Here there were less than sixty

Facing a whole army

Whose weight crushed them under

But their lives, before their courage,

Left these French soldiers

Also seems quite appropriate considering that we’ve not long had Armistice Day, Veteran’s Day and Remembrance Sunday.

As far as other French troops are concerned I don’t really need to paint any more. My French forces for Italy in 1859, France in 1870 and Vietnam in the 1880s mean I have enough for now, which means I can try and concentrate on Mexican Republican and Imperial armies. My intention is to add new units in between working on other projects but we all know that plans are there to be changed!

30 comments

  1. Great work on all John, and a good way to get multiple uses from the same models as well by the sound of it.
    Not a war I’m at all familiar with so shall watch with interest.

    Liked by 2 people

    • Thanks Dave! 🙂 I have a few projects that spin off in to side-projects and more to come (although not sure when)! There are quite a range of uniforms worn by the troops involved in Mexico, probably more than I’ll have for my Paraguayan War troops!

      Liked by 2 people

  2. These look great and enjoyed reading the background, didn’t know much at all about this adventure! Technical question for you, how do you make your banners? I need to make a few banners for some napoleonics models and am looking for inspiration!

    Liked by 2 people

  3. Ahh I hoped you’d mention the battle of Camarón as it’s one of my favourite “last stand” battles and you didn’t disappoint. I’m glad you added the white glove to the Captains hand 😉 Great work here mate and the history lesson was great too. I’m sure I’ve said this before but I really enjoy seeing your style of painting. It’s always so crisp and vivid.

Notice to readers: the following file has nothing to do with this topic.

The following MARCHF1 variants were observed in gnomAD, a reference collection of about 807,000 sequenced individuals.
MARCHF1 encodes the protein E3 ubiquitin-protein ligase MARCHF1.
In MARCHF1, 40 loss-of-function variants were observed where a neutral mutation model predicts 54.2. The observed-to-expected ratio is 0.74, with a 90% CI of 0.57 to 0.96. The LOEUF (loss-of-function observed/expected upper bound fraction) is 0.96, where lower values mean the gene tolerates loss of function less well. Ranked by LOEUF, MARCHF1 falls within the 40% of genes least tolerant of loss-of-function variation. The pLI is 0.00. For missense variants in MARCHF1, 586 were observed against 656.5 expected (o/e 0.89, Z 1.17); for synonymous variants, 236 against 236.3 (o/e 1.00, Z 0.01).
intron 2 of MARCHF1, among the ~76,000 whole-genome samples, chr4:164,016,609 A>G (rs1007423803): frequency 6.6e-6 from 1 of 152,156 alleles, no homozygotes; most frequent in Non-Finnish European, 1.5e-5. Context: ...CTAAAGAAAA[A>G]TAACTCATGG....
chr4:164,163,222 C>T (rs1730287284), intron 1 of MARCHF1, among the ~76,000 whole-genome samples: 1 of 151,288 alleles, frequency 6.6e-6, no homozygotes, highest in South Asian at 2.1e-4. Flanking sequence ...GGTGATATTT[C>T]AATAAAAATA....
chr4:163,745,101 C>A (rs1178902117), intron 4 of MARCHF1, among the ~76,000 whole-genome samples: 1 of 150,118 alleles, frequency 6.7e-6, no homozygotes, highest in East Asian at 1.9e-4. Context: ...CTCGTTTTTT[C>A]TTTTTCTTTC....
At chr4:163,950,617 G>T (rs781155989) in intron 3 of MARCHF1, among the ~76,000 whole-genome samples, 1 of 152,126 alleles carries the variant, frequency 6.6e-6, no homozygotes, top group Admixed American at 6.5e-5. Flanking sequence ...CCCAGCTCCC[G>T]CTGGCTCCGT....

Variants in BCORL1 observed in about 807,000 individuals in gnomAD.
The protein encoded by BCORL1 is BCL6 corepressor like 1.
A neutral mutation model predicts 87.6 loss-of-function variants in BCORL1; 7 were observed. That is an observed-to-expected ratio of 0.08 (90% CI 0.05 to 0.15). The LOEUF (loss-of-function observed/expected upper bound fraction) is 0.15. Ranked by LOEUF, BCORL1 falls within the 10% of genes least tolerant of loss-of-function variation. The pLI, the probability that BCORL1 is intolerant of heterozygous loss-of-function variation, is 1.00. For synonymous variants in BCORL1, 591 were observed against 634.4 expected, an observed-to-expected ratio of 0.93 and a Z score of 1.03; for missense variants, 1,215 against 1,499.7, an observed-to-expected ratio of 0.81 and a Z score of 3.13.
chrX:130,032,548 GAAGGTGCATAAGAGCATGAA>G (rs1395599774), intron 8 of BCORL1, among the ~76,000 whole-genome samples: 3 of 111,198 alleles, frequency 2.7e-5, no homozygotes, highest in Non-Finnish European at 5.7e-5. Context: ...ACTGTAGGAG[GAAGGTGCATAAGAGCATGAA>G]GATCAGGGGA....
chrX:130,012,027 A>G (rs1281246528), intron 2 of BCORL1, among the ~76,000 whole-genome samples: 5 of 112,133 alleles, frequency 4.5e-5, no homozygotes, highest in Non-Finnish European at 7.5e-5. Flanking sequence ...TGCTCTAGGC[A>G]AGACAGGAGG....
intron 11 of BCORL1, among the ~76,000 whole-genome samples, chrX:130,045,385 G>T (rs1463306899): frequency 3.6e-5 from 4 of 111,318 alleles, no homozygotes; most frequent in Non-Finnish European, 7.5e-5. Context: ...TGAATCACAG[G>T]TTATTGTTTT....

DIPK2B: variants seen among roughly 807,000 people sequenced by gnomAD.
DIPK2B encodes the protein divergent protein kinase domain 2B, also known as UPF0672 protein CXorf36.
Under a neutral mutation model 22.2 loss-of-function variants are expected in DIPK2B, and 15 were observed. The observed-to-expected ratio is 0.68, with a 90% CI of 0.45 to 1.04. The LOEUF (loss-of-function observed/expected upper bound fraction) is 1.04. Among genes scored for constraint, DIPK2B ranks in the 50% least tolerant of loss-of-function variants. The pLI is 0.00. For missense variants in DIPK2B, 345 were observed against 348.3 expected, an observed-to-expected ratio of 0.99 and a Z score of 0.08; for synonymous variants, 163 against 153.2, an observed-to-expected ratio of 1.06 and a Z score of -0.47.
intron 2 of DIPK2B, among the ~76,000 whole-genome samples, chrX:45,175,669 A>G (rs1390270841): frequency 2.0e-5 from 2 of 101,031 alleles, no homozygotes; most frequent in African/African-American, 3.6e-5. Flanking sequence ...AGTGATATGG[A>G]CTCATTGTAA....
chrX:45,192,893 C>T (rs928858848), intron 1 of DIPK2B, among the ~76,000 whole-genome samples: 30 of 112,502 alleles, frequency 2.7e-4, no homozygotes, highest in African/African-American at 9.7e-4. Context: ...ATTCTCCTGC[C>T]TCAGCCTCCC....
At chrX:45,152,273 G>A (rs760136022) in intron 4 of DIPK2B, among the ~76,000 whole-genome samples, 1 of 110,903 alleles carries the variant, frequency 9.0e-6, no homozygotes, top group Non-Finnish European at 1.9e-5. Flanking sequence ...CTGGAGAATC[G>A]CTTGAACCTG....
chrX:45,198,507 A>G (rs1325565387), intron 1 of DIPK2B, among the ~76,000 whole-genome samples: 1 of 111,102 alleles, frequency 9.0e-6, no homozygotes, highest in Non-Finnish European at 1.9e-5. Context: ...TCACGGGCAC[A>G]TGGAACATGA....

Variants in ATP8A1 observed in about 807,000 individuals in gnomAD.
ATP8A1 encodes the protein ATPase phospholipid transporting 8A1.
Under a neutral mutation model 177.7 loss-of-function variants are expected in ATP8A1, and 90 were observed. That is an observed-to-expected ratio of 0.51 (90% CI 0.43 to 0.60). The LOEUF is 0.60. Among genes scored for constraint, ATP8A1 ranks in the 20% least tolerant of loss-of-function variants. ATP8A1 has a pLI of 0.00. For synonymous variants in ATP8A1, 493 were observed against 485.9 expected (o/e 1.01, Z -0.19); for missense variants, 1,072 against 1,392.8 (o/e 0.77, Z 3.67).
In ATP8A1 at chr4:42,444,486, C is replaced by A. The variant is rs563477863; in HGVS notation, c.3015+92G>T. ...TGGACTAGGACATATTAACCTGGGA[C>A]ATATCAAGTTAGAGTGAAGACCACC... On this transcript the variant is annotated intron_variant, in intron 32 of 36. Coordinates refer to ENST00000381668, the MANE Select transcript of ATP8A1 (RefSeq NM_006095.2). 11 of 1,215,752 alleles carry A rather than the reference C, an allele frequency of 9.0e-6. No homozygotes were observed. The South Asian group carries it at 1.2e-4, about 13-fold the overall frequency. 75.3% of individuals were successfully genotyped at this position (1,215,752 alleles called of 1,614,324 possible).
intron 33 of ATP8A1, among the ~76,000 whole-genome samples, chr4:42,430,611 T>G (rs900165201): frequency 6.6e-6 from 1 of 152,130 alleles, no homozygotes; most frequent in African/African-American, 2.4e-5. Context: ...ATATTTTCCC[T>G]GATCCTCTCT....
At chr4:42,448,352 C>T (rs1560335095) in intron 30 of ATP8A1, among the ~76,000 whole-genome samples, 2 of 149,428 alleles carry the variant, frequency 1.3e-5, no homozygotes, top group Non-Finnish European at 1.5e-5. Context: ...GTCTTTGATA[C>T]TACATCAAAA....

Liked by 2 people

    • Thanks Matt! 🙂 Another one of those projects that I’ve kicked about for years has finally surfaced almost by accident – I’ve already got all the French I need (even without the Foreign Legion) and the Brazilians get me over half a Mexican army with little effort!

      Liked by 1 person

  4. So this is the secret project! I think its a great one, John and I like how you’ve found soldiers that have fairly colorful and interesting uniforms to paint. Painting camo is nice but I would much rather paint some vibrant colors myself. I’m looking forward to seeing more! 🙂

    Liked by 2 people

  5. Wow John, La Legion Etrangere and Capitaine Jean Danjou, plus a shout out for me? Christmas came early buddy! Having studied French military history and the lore that IRO referred to, this was a joyous post indeed. I echo his crisp comments – the minis really are beautifully done in your inimitable style. That period in history was only possible because of the ACW, but the Monroe Doctrine reasserted itself post-war. It is a fascinating interlude in the history of both countries. Superb post! Thanks!

    Liked by 2 people

  6. Lovely work John, and no, you can never have too many drummers!
    I like the way you’re always pushing into uncommon areas of military history; I for one have learnt a lot from reading your posts.
    One day, though, you might just focus on something simple, like the Eastern Front for example 😉

    Liked by 1 person